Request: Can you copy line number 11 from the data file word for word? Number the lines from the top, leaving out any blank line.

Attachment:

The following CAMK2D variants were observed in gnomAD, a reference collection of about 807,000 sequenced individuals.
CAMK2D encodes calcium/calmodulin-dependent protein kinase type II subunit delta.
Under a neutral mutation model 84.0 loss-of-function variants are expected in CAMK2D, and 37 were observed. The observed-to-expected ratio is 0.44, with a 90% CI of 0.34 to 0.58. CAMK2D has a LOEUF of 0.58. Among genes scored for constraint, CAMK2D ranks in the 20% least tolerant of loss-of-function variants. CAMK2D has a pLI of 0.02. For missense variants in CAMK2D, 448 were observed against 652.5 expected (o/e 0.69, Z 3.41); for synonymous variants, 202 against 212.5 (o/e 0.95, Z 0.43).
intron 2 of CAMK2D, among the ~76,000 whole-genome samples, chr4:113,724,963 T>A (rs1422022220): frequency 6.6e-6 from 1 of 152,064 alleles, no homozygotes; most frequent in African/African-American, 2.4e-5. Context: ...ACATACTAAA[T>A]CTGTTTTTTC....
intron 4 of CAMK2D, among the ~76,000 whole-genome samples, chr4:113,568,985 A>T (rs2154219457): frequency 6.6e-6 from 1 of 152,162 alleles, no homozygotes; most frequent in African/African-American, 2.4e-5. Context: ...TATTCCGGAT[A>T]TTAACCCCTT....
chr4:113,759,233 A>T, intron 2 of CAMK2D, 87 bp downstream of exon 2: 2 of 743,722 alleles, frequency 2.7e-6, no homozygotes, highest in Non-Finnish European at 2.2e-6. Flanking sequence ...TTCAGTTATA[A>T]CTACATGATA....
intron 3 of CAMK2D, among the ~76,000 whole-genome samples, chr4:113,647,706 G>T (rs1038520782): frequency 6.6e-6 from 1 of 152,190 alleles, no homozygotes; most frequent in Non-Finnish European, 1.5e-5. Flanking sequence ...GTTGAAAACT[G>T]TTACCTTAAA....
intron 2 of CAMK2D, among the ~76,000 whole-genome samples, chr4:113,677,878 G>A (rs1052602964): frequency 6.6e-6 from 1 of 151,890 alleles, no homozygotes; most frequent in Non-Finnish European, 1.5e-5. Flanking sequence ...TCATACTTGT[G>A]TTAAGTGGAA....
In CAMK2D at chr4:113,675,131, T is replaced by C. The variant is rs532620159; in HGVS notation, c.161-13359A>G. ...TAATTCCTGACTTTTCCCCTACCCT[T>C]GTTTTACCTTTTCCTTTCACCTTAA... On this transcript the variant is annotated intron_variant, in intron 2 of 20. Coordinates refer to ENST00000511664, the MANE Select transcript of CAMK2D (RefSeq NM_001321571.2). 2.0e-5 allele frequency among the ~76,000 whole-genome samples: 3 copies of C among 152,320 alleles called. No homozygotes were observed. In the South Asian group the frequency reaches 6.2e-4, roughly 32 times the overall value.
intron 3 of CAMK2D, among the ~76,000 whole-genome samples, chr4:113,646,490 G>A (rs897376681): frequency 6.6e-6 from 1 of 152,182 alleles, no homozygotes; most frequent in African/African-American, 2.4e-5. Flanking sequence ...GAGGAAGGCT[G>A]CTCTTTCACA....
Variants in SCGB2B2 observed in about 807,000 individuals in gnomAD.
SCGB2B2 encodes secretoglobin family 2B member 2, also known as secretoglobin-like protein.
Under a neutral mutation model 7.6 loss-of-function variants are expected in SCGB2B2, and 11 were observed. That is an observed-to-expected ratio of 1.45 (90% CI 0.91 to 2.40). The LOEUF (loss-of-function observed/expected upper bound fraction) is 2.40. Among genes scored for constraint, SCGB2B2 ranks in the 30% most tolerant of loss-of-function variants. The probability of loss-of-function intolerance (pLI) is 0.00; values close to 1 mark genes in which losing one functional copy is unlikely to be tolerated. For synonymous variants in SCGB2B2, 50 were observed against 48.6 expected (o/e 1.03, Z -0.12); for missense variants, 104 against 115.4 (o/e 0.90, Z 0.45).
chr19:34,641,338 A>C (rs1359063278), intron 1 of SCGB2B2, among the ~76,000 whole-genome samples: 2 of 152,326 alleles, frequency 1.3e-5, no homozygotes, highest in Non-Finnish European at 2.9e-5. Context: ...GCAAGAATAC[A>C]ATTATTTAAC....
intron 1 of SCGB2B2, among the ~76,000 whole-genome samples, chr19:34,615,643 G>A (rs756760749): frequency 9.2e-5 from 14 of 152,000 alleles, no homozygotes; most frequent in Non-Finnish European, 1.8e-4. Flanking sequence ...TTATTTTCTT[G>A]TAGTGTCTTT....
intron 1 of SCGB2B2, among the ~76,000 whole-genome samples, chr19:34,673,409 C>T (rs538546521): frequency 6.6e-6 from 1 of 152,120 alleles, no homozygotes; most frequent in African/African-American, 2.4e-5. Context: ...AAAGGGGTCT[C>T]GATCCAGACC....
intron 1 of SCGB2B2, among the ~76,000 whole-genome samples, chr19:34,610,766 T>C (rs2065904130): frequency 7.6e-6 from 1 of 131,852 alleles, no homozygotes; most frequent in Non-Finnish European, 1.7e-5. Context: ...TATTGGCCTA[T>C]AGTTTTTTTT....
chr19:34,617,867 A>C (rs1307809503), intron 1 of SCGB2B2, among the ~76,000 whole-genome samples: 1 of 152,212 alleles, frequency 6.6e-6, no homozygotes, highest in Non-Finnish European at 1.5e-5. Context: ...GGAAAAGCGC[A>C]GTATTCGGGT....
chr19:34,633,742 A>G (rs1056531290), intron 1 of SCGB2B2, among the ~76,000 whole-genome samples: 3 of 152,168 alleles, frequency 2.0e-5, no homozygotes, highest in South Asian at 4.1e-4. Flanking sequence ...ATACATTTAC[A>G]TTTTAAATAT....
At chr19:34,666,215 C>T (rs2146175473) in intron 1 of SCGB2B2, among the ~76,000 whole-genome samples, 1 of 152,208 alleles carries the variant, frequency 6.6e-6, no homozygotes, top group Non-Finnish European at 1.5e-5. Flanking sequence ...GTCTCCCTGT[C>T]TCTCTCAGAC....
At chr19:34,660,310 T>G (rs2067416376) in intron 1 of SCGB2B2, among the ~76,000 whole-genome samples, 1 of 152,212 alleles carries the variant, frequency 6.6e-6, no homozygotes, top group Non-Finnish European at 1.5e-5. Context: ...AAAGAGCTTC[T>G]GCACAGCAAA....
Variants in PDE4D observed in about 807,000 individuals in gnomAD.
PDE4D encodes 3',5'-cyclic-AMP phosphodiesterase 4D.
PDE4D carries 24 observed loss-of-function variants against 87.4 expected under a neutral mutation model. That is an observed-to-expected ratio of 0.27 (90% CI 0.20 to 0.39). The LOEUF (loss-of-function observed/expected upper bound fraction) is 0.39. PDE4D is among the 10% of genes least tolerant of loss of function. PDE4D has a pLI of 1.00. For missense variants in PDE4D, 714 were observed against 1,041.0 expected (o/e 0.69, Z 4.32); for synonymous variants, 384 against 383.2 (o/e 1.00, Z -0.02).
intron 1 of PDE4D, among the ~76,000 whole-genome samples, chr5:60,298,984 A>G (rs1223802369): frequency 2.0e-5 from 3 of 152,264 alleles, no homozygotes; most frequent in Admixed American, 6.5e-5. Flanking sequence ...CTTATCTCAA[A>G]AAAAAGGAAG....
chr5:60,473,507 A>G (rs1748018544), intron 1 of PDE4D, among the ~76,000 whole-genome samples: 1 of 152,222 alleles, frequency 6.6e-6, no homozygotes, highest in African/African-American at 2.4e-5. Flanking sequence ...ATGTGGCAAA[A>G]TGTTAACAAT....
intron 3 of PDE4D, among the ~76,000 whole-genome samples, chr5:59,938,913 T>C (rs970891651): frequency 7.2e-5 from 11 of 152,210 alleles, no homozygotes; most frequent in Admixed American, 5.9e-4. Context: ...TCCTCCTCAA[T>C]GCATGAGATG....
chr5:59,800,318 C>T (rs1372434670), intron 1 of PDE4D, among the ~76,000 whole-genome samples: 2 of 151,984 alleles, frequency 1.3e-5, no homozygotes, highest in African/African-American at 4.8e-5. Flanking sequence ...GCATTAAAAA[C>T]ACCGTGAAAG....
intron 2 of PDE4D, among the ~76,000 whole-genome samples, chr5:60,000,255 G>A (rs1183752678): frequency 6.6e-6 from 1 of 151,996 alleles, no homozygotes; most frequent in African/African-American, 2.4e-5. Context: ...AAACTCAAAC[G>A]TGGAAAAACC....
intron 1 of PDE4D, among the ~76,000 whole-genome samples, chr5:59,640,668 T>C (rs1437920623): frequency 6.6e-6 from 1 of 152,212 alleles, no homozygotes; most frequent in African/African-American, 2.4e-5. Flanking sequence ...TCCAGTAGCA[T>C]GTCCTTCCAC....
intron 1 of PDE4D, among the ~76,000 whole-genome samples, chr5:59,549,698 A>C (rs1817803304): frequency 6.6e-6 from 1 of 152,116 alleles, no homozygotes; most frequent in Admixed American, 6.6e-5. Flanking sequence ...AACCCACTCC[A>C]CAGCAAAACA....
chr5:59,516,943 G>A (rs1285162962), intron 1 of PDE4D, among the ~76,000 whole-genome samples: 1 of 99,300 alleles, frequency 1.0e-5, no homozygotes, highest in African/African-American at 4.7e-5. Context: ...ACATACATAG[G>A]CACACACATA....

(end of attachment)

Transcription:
Variants in SCGB2B2 observed in about 807,000 individuals in gnomAD.